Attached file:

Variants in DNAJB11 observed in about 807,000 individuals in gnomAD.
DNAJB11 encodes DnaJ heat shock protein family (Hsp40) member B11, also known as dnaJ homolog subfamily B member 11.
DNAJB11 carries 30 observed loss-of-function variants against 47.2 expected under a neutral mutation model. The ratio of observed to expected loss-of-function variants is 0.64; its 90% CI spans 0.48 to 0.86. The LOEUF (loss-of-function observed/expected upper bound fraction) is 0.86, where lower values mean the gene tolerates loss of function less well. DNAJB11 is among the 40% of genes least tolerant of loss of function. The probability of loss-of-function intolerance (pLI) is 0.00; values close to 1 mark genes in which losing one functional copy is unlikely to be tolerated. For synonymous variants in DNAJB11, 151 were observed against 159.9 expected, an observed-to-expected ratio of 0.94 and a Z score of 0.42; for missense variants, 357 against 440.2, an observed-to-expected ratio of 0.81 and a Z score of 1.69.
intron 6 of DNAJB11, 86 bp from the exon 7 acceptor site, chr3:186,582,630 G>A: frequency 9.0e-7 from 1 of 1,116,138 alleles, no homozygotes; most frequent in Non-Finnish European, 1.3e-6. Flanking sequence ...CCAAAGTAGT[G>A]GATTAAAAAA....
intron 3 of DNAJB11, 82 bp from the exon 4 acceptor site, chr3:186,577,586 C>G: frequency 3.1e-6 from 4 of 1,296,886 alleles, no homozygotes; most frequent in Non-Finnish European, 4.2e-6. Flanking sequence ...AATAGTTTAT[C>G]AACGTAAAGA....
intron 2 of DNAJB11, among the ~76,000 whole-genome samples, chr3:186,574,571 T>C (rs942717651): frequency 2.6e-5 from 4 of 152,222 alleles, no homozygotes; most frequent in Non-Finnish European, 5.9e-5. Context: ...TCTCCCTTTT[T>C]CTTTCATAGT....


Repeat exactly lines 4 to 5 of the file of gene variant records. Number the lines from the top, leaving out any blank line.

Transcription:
intron 6 of DNAJB11, 86 bp from the exon 7 acceptor site, chr3:186,582,630 G>A: frequency 9.0e-7 from 1 of 1,116,138 alleles, no homozygotes; most frequent in Non-Finnish European, 1.3e-6. Flanking sequence ...CCAAAGTAGT[G>A]GATTAAAAAA....
intron 3 of DNAJB11, 82 bp from the exon 4 acceptor site, chr3:186,577,586 C>G: frequency 3.1e-6 from 4 of 1,296,886 alleles, no homozygotes; most frequent in Non-Finnish European, 4.2e-6. Flanking sequence ...AATAGTTTAT[C>G]AACGTAAAGA....